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Re: [Simple] Some thoughts on XCAP's resource architecture

From: Lisa Dusseault <lisa@osafoundation.org>
Date: Wed, 24 Nov 2004 11:49:11 -0800
Message-Id: <E93F2602-3E51-11D9-B57F-000A95B2BB72@osafoundation.org>
Cc: HTTP working group <ietf-http-wg@w3.org>, "simple@ietf.org" <simple@ietf.org>
To: Cullen Jennings <fluffy@cisco.com>

>> 1c) Performance: HTTP is designed to batch requests in a certain way
>> based on the granularity assumptions.  Recall that latency is a much
>> bigger problem than bandwidth above a certain (low) bandwidth, and in
>> modern Internet applications it's usually the latency that kills you.
>> A more granular approach to resources doesn't in itself kill
>> performance but it does if you stay with HTTP's request granularity.
>> What XCAP is saving in bandwidth it will lose, in many use cases, in
>> latency costs.
>
> I'm not understanding here. How we can best design stuff to batch in a 
> way
> to have optimal performance.

If you have multiple changes to make to a 1 MB or smaller document, 
batch them up together if possible, even if it requires uploading the 
whole document afresh.  The current design of XCAP encourages changes 
to be made independently, and each change will require a full 
round-trip (no pipelining possible because you need to wait for the 
server to respond with an ETag each time).

Similarly, even though a whole document may be large, up to a MB or so 
it's probably better to download (synch) the whole document rather than 
do several roundtrips to get individual nodes.  Even though download 
requests can be pipelined not all client libraries support that yet.  
If you can pipeline, then you can do more node requests before the 
tradeoff of preferring to get the whole document kicks in.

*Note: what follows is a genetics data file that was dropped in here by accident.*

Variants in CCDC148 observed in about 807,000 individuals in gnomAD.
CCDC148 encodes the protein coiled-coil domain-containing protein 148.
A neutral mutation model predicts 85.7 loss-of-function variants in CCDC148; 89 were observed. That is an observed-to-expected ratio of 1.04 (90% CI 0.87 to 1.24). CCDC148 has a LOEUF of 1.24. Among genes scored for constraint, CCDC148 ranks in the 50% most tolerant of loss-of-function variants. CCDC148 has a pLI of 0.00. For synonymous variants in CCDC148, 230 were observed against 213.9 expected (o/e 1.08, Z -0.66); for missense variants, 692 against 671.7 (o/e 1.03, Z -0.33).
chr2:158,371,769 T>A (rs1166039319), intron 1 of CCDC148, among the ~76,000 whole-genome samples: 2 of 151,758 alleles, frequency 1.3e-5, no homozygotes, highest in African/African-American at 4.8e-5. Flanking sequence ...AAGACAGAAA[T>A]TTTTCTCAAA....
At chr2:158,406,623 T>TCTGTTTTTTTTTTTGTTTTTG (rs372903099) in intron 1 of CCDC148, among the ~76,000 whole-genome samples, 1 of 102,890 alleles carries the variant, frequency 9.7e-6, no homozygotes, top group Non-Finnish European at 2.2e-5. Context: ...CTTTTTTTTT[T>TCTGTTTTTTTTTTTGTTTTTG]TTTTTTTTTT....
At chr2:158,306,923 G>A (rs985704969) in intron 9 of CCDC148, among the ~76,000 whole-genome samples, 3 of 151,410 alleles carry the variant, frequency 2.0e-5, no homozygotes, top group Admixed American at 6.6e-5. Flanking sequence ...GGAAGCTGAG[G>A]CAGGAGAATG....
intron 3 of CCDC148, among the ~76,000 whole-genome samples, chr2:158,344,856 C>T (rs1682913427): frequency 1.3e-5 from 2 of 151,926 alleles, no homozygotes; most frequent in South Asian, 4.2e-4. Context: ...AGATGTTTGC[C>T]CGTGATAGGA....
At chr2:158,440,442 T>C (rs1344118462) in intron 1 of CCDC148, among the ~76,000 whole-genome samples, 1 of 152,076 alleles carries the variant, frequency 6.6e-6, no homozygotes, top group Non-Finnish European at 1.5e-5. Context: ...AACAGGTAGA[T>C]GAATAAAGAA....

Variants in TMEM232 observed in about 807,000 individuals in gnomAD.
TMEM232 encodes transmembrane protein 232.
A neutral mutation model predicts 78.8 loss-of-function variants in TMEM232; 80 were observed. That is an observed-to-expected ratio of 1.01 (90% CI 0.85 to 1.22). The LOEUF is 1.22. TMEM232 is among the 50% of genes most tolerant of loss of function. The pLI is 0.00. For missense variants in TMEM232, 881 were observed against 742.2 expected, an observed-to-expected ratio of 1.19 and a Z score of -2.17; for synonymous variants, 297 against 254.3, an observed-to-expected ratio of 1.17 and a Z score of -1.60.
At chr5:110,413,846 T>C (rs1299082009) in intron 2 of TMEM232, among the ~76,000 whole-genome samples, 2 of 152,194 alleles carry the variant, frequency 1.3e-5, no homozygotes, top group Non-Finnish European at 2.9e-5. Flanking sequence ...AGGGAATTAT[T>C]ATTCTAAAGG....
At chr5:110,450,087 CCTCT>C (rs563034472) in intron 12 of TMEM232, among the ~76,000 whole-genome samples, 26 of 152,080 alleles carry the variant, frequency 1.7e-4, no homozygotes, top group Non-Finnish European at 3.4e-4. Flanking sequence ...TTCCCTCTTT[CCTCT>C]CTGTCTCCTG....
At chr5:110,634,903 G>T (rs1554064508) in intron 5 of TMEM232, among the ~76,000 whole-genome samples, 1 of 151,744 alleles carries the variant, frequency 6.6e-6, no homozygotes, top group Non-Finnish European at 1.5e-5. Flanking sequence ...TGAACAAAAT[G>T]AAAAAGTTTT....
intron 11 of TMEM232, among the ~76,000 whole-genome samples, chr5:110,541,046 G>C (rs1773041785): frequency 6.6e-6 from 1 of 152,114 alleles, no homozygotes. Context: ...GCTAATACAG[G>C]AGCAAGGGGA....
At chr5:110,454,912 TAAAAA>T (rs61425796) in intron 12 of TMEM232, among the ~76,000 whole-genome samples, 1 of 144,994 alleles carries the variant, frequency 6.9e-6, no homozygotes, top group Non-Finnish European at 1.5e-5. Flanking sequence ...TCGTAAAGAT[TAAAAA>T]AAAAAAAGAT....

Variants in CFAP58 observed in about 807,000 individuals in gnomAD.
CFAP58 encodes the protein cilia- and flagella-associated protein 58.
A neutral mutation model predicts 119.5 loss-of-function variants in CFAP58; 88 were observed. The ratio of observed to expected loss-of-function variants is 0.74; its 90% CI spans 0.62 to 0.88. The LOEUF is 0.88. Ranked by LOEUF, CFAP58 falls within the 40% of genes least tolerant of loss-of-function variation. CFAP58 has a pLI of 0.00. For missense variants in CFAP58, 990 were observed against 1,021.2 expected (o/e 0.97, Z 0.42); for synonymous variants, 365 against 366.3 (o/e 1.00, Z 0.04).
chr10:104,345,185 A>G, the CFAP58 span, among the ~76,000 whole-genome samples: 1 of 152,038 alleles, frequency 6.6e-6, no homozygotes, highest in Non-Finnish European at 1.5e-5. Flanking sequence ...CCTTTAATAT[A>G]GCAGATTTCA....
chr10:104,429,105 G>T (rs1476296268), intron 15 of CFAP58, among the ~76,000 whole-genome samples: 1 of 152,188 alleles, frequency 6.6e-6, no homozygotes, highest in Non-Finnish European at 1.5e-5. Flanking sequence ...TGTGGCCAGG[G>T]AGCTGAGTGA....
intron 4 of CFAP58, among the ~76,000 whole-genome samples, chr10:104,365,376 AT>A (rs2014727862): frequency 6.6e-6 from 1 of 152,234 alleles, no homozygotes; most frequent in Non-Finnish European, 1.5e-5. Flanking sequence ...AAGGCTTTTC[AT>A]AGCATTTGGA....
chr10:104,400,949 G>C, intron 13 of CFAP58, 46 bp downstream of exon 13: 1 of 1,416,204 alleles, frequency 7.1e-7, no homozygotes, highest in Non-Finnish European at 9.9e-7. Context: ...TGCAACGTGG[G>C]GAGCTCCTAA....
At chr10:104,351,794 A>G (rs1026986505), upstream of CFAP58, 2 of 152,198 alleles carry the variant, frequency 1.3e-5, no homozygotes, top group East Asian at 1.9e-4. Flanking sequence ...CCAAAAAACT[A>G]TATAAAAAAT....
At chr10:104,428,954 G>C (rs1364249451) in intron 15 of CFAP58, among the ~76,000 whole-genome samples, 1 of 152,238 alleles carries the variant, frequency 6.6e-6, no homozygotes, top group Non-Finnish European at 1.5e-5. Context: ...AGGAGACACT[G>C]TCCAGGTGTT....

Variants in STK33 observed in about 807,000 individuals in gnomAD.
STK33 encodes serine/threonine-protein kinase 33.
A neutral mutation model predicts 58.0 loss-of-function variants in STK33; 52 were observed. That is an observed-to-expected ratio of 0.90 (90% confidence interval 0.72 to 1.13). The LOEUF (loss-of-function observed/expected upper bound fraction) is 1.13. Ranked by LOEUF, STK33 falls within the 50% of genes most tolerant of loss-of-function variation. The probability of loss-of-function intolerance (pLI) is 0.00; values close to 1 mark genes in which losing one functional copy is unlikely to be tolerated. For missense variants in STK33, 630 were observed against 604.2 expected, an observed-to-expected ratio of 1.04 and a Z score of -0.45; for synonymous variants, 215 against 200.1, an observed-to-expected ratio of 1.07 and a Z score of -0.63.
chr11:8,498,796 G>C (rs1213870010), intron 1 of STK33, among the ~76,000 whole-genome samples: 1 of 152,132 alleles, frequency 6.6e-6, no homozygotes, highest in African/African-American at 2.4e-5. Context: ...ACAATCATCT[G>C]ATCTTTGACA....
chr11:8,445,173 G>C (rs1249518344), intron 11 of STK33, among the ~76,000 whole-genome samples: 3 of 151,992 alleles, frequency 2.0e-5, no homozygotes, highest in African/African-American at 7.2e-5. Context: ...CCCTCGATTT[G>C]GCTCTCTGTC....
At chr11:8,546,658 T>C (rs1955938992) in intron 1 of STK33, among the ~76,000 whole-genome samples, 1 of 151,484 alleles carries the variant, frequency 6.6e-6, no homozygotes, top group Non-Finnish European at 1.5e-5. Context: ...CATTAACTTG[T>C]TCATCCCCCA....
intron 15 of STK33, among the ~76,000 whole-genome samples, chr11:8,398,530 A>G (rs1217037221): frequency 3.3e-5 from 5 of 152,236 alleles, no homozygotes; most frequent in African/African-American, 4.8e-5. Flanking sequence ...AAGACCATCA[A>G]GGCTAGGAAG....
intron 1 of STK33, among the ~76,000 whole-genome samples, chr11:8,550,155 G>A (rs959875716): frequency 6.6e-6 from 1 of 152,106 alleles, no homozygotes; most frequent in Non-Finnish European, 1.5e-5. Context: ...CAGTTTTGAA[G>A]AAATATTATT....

The optimal granularity for performance is probably somewhere between 1 
kB and 10 MB for XCAP's use cases.  A single XML node is probably too 
small; an undivisible 10 MB file is probably too large.   Compare to 
byte ranges -- 10 MB files are often broken into byte ranges for 
reliable download, but the byte ranges aren't chosen to be too small or 
the performance cost would be greater than the reliability win.

My size estimates here are from intuition based on experience; but I'm 
confident in saying that HTTP is not ideal for ferrying around tiny 
things at a high performance  (just try using the MSDAIPP library to do 
client applications pretending that the HTTP server is a local 
database).  The overhead per request/response is not insignificant.

Since XCAP does allow addressable nodes to be grouped into larger 
addressable nodes it will be possible for a smart XCAP client to do 
some of this batching anyway, but many clients will do the simple and 
obvious thing regardless.  So I don't expect this to be the killer 
argument for changing XCAP -- if this were the only consideration, the 
answer would likely be to "let the implementor beware".  It's not the 
only consideration however -- I consider the implementability and 
interoperability of HTTP extensions to be the bigger consideration.

Lisa
Received on Wednesday, 24 November 2004 19:49:32 GMT

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